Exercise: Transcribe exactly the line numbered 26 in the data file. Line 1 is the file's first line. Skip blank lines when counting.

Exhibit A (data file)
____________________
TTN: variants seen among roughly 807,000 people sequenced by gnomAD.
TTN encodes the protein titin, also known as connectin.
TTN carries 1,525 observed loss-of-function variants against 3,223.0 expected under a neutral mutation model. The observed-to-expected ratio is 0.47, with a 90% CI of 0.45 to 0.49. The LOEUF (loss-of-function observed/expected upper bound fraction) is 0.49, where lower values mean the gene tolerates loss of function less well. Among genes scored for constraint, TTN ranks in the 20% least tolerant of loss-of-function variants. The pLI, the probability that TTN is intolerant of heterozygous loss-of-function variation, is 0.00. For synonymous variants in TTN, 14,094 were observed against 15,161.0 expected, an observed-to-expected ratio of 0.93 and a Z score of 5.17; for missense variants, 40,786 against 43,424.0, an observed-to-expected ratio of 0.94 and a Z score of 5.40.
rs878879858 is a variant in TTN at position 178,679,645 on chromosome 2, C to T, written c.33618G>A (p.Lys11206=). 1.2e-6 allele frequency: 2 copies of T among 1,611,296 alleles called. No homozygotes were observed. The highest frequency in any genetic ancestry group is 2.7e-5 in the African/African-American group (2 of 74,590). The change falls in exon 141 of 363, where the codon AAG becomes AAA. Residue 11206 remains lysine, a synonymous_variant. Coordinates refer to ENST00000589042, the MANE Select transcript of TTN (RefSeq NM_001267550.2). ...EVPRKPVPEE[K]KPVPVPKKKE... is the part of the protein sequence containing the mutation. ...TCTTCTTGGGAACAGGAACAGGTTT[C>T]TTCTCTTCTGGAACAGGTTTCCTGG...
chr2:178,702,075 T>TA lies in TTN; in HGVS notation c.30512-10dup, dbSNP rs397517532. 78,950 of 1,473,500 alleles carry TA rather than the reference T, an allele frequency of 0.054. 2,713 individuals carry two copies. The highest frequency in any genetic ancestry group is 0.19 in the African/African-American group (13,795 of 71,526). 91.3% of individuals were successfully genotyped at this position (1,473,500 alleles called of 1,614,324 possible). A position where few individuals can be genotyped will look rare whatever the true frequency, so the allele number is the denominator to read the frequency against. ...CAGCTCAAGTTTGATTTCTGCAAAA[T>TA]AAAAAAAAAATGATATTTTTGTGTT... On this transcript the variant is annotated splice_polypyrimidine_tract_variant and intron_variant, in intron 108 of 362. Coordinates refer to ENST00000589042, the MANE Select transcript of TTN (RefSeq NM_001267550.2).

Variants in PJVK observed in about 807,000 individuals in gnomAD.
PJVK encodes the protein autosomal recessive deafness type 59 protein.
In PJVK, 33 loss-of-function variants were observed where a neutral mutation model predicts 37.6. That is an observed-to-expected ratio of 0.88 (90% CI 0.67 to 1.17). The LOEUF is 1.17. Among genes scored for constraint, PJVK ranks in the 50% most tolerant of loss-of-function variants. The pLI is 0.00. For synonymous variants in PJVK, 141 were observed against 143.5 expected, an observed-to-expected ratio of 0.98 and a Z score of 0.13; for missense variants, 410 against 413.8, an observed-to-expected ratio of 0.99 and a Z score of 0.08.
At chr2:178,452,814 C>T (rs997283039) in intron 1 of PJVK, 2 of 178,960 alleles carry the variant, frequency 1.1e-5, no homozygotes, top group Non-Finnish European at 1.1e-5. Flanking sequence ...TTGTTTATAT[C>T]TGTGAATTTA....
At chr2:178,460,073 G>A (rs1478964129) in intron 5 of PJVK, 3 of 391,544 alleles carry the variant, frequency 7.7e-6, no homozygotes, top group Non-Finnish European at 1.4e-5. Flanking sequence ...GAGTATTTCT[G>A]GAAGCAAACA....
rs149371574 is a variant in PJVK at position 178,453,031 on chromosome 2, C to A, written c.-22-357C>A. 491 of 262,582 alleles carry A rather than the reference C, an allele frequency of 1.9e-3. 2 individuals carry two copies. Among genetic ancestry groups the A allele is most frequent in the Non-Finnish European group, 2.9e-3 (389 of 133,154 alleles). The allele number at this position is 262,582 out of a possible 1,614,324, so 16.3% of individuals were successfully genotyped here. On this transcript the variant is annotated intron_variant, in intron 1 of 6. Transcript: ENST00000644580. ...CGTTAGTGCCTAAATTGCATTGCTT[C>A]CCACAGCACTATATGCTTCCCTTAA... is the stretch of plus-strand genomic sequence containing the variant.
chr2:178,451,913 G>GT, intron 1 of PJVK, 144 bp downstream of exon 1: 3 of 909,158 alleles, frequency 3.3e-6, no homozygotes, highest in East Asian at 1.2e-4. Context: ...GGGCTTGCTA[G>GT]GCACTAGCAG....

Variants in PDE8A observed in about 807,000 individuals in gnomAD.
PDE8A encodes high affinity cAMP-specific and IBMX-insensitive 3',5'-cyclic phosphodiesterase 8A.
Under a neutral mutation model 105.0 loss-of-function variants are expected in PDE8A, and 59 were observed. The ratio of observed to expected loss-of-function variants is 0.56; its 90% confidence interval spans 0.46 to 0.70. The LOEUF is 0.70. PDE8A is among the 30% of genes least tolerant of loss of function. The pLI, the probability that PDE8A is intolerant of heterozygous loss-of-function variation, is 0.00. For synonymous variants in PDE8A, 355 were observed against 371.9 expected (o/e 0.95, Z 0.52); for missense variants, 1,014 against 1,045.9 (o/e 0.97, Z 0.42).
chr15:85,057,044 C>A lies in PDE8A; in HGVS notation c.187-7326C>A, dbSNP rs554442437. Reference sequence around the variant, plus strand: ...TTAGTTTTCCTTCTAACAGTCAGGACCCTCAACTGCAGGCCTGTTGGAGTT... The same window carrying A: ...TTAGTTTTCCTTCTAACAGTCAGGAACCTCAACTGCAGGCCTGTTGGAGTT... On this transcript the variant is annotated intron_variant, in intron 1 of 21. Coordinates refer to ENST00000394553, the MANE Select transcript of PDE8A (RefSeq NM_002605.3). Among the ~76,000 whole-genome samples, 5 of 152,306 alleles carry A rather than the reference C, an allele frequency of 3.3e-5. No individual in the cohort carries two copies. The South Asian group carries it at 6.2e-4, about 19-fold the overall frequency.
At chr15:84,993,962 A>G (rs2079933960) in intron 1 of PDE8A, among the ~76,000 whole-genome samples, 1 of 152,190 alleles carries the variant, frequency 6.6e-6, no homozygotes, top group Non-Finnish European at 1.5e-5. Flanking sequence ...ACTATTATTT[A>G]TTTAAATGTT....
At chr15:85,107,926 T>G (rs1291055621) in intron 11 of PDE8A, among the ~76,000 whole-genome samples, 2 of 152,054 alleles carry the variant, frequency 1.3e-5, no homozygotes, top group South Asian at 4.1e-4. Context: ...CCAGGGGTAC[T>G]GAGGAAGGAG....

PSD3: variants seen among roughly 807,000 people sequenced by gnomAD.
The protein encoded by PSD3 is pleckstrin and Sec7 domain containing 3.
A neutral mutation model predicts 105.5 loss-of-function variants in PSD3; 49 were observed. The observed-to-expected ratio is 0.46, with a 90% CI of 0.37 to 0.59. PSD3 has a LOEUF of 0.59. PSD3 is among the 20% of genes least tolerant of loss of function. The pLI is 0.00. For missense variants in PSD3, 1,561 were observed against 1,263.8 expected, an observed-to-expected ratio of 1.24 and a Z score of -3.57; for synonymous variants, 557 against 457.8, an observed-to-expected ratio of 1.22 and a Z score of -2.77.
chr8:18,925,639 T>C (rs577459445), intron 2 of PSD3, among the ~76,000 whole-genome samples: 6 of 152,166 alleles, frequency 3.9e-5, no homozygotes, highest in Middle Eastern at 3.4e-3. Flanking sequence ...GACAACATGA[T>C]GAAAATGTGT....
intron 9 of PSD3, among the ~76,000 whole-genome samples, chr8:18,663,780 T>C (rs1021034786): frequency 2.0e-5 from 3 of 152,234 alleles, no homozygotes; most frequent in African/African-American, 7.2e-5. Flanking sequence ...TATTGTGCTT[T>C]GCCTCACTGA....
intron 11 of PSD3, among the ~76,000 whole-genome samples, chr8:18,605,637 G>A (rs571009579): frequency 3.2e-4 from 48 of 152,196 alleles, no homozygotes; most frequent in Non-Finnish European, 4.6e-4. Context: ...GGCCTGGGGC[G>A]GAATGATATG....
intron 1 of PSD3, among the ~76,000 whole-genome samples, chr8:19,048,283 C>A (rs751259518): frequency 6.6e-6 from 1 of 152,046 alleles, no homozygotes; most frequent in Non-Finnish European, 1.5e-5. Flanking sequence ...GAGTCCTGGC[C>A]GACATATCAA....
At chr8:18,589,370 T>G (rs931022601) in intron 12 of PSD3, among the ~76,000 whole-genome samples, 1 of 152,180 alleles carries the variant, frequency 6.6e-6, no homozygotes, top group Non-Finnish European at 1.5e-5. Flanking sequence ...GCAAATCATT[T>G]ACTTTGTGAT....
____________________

At chr8:18,589,370 T>G (rs931022601) in intron 12 of PSD3, among the ~76,000 whole-genome samples, 1 of 152,180 alleles carries the variant, frequency 6.6e-6, no homozygotes, top group Non-Finnish European at 1.5e-5. Flanking sequence ...GCAAATCATT[T>G]ACTTTGTGAT....